Skip to Content, Navigation, or Footer.
The Daily Cardinal Est. 1892
Saturday, May 18, 2024

From friends to enemies: Where did the consensus go?

Shortly after the tragedy of Sept. 11, America obtained its highest level of domestic and international support ever. Patriotism was at an all-time high, and it would take a wrecking ball of ignorance and arrogance to knock down this international network of trust--or President Bush. In fewer than two years since the height of American popularity, he has alienated the majority of both our long-standing and relatively new allies, as well as lost the support of countless Americans. 

 

 

 

In the blink of an eye, our country went from being the bearer of the world-unifying torch to being the biggest threat to international peace and security. While the government could have taken advantage of America's worldwide support by taking productive steps toward securing an almost global alliance, it has instead worked diligently to replace the word \French"" with ""Freedom"" on all their cafeteria menus. Well done. 

 

 

 

The events of Sept. 11 prompted a global initiative to stamp out terrorism, with multiple countries pledging support to America. Not too long ago, Secretary of Defense Donald Rumsfeld had to proclaim that we were willing and able to ""go it alone."" What happened to the overwhelming support? Our government's ignorance of foreign and domestic attitudes toward American arrogance and domination has scared away even our closest allies and has severed many other foreign relationships.  

 

 

 

Enjoy what you're reading? Get content from The Daily Cardinal delivered to your inbox

Our leaders have perpetuated an American image that is not healthy for future international stability. With many countries developing weapons of mass destruction, this is not a time to be flexing our military muscle and crushing anyone in our path (including our own people). These deadly weapons are leveling the playing field of warfare and should cause our government to minimize the number of foreign enemies we have. Unfortunately, we are moving in the opposite direction. 

 

 

 

I think it is very safe to say that Bush has done a miserable job trying to gain support for the war. Even though his approval rating was the highest in American history, he couldn't convince the majority of his own citizens that a war in Iraq was necessary before armed conflict began, and he certainly didn't do well in gaining foreign allies.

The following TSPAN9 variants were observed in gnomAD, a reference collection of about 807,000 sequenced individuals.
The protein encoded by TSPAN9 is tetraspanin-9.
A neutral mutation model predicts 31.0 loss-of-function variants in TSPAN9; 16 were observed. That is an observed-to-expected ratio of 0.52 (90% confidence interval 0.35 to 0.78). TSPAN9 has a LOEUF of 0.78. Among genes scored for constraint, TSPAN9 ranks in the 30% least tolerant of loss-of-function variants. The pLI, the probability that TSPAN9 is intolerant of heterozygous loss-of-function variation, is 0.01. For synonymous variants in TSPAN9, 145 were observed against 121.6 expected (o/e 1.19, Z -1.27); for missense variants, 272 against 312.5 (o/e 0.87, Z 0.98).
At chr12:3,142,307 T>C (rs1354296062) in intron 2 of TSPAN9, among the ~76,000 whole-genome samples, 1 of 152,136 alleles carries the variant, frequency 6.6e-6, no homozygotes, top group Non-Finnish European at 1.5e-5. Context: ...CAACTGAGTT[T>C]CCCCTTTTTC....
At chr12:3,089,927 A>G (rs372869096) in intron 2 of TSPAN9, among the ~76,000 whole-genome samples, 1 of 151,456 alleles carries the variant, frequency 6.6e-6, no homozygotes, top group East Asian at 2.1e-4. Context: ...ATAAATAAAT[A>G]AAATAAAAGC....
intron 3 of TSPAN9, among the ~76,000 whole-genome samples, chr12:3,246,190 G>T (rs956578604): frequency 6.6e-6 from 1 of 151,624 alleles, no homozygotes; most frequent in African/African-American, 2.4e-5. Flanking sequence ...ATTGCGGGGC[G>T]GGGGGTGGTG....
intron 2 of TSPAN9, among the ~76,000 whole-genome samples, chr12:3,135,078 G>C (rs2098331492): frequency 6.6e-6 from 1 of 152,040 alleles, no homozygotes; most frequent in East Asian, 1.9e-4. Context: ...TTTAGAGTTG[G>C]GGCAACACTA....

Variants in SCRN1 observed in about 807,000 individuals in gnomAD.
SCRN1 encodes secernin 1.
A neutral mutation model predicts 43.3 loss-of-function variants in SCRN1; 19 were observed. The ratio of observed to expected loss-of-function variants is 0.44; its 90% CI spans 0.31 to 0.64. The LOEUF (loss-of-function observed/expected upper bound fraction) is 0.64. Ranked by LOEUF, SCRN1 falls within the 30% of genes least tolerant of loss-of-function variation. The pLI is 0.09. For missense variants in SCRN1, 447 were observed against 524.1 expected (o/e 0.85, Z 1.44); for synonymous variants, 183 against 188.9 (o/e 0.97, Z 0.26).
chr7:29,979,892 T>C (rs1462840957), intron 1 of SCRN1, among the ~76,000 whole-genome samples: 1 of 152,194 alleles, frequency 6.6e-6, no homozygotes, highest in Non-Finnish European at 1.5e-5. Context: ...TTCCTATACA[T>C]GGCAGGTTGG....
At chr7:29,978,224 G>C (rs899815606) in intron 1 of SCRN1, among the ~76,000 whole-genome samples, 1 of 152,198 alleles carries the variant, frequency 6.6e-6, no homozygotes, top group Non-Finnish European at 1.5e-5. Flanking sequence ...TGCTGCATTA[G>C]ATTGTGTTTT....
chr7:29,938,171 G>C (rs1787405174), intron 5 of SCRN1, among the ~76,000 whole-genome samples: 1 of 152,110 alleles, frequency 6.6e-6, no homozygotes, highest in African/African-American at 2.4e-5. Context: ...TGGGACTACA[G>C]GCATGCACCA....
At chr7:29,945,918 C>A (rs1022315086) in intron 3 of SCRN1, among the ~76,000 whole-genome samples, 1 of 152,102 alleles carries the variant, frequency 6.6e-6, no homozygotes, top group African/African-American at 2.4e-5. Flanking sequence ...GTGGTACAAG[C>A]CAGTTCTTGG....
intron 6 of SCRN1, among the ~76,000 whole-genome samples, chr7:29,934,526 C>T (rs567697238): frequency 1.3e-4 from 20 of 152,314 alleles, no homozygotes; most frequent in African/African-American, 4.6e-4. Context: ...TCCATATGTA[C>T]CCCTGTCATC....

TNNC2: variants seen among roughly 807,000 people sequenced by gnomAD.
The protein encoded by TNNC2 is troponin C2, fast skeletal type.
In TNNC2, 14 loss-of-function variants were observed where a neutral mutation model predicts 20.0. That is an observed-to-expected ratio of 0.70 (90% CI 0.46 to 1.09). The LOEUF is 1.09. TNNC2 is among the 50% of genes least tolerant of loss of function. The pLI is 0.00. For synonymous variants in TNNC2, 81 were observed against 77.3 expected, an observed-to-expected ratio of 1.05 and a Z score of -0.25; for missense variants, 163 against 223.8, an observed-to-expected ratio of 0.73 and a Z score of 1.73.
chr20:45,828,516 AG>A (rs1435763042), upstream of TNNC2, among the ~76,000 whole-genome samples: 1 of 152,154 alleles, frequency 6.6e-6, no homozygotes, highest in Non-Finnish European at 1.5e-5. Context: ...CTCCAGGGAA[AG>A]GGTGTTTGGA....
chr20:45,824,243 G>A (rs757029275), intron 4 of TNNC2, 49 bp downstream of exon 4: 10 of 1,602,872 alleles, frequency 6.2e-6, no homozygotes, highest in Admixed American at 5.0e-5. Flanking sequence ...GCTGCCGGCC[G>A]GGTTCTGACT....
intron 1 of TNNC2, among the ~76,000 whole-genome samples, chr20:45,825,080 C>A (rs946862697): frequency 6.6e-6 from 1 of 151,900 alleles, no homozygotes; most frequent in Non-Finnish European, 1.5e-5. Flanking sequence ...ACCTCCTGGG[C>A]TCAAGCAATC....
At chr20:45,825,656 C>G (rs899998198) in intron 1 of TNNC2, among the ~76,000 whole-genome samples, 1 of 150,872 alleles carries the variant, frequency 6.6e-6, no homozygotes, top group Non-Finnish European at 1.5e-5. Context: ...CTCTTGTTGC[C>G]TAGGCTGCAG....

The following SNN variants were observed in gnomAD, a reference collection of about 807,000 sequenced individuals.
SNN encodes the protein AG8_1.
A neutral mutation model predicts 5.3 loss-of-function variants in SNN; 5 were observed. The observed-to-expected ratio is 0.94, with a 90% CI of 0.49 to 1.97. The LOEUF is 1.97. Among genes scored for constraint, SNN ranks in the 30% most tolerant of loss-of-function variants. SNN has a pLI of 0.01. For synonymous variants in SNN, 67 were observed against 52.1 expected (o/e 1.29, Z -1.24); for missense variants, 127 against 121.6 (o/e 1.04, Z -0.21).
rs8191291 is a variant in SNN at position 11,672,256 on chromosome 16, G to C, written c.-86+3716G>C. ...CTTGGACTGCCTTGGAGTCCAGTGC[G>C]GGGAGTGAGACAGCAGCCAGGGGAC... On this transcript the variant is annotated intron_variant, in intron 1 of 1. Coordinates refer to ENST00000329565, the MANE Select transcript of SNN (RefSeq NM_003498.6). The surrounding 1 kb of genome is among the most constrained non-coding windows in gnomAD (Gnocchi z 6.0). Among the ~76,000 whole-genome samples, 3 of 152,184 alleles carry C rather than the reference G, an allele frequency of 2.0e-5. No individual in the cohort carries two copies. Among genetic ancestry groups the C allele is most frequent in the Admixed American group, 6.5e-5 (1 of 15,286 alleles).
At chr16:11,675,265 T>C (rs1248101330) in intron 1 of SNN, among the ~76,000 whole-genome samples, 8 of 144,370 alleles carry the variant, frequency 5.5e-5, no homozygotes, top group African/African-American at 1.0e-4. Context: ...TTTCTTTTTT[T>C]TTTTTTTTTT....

It seems Bush was so set on war that he didn't really want to bother with working as hard as possible to prevent it. Furthermore, his administration apparently believes we are invincible, so we have basically decided to start a war without having much support (except where we've paid for it). All of these issues are pertinent to the Iraq situation but are much more important to our future role in global politics. 

 

 

 

The main issue to be concerned with right now is not Iraq. We dismantled its military in the first Gulf War, and our forces have only gotten stronger since then. What worries me now is the isolated island on which our government has placed us. Anti-American sentiment is growing stronger every day because of our international bullying, and it is not likely to improve even if this war goes very well. 

 

 

 

The big picture here extends to include the post-war world, but it seems like that aspect is being overlooked. Although the burden of international political stability is too heavy for one country to carry, it is obvious that a peaceful future revolves centrally around the United States. I can say with relative certainty that as long as Bush is in control (I hope not too much longer), this world will not have peace, and if our foreign policy of taking over countries which we simply dislike continues, then we can also be sure all our allies will eventually leave our side. 

 

 

 

President Bush and his administration had the support of the world not long ago, but since then they have done everything in their power to alienate many allies and lose the support of millions of our own citizens. Eighteen months ago I couldn't have been more proud to be an American. Today, I couldn't be more embarrassed.  

 

 

 

Support your local paper
Donate Today
The Daily Cardinal has been covering the University and Madison community since 1892. Please consider giving today.

Powered by SNworks Solutions by The State News
All Content © 2024 The Daily Cardinal